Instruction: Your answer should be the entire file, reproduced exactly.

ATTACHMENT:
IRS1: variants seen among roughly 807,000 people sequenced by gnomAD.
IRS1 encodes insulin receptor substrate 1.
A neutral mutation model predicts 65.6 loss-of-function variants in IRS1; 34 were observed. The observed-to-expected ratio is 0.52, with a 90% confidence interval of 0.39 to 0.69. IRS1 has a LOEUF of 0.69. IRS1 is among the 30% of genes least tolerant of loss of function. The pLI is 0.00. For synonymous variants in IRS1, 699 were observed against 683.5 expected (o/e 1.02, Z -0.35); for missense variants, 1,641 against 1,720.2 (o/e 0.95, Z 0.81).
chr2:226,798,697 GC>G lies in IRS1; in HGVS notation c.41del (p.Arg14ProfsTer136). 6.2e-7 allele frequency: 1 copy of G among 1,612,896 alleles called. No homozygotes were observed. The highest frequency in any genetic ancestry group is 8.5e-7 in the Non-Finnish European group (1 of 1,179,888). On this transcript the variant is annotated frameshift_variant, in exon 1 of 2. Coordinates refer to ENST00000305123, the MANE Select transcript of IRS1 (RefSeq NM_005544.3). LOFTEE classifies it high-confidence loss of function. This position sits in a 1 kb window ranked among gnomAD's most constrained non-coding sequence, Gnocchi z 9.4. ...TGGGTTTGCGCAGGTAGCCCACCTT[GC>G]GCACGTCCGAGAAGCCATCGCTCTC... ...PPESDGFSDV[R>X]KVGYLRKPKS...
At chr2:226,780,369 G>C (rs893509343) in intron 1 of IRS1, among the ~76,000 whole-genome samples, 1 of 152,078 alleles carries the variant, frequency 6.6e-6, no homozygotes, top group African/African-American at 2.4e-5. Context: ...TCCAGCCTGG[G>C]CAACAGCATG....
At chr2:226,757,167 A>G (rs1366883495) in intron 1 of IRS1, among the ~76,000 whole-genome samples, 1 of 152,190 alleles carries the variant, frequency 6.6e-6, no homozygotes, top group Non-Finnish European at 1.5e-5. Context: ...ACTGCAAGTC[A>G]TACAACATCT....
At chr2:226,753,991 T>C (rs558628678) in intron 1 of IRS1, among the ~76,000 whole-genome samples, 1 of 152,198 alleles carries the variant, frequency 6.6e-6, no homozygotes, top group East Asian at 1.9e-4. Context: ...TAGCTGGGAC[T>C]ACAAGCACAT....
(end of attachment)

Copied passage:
IRS1: variants seen among roughly 807,000 people sequenced by gnomAD.
IRS1 encodes insulin receptor substrate 1.
A neutral mutation model predicts 65.6 loss-of-function variants in IRS1; 34 were observed. The observed-to-expected ratio is 0.52, with a 90% confidence interval of 0.39 to 0.69. IRS1 has a LOEUF of 0.69. IRS1 is among the 30% of genes least tolerant of loss of function. The pLI is 0.00. For synonymous variants in IRS1, 699 were observed against 683.5 expected (o/e 1.02, Z -0.35); for missense variants, 1,641 against 1,720.2 (o/e 0.95, Z 0.81).
chr2:226,798,697 GC>G lies in IRS1; in HGVS notation c.41del (p.Arg14ProfsTer136). 6.2e-7 allele frequency: 1 copy of G among 1,612,896 alleles called. No homozygotes were observed. The highest frequency in any genetic ancestry group is 8.5e-7 in the Non-Finnish European group (1 of 1,179,888). On this transcript the variant is annotated frameshift_variant, in exon 1 of 2. Coordinates refer to ENST00000305123, the MANE Select transcript of IRS1 (RefSeq NM_005544.3). LOFTEE classifies it high-confidence loss of function. This position sits in a 1 kb window ranked among gnomAD's most constrained non-coding sequence, Gnocchi z 9.4. ...TGGGTTTGCGCAGGTAGCCCACCTT[GC>G]GCACGTCCGAGAAGCCATCGCTCTC... ...PPESDGFSDV[R>X]KVGYLRKPKS...
At chr2:226,780,369 G>C (rs893509343) in intron 1 of IRS1, among the ~76,000 whole-genome samples, 1 of 152,078 alleles carries the variant, frequency 6.6e-6, no homozygotes, top group African/African-American at 2.4e-5. Context: ...TCCAGCCTGG[G>C]CAACAGCATG....
At chr2:226,757,167 A>G (rs1366883495) in intron 1 of IRS1, among the ~76,000 whole-genome samples, 1 of 152,190 alleles carries the variant, frequency 6.6e-6, no homozygotes, top group Non-Finnish European at 1.5e-5. Context: ...ACTGCAAGTC[A>G]TACAACATCT....
At chr2:226,753,991 T>C (rs558628678) in intron 1 of IRS1, among the ~76,000 whole-genome samples, 1 of 152,198 alleles carries the variant, frequency 6.6e-6, no homozygotes, top group East Asian at 1.9e-4. Context: ...TAGCTGGGAC[T>C]ACAAGCACAT....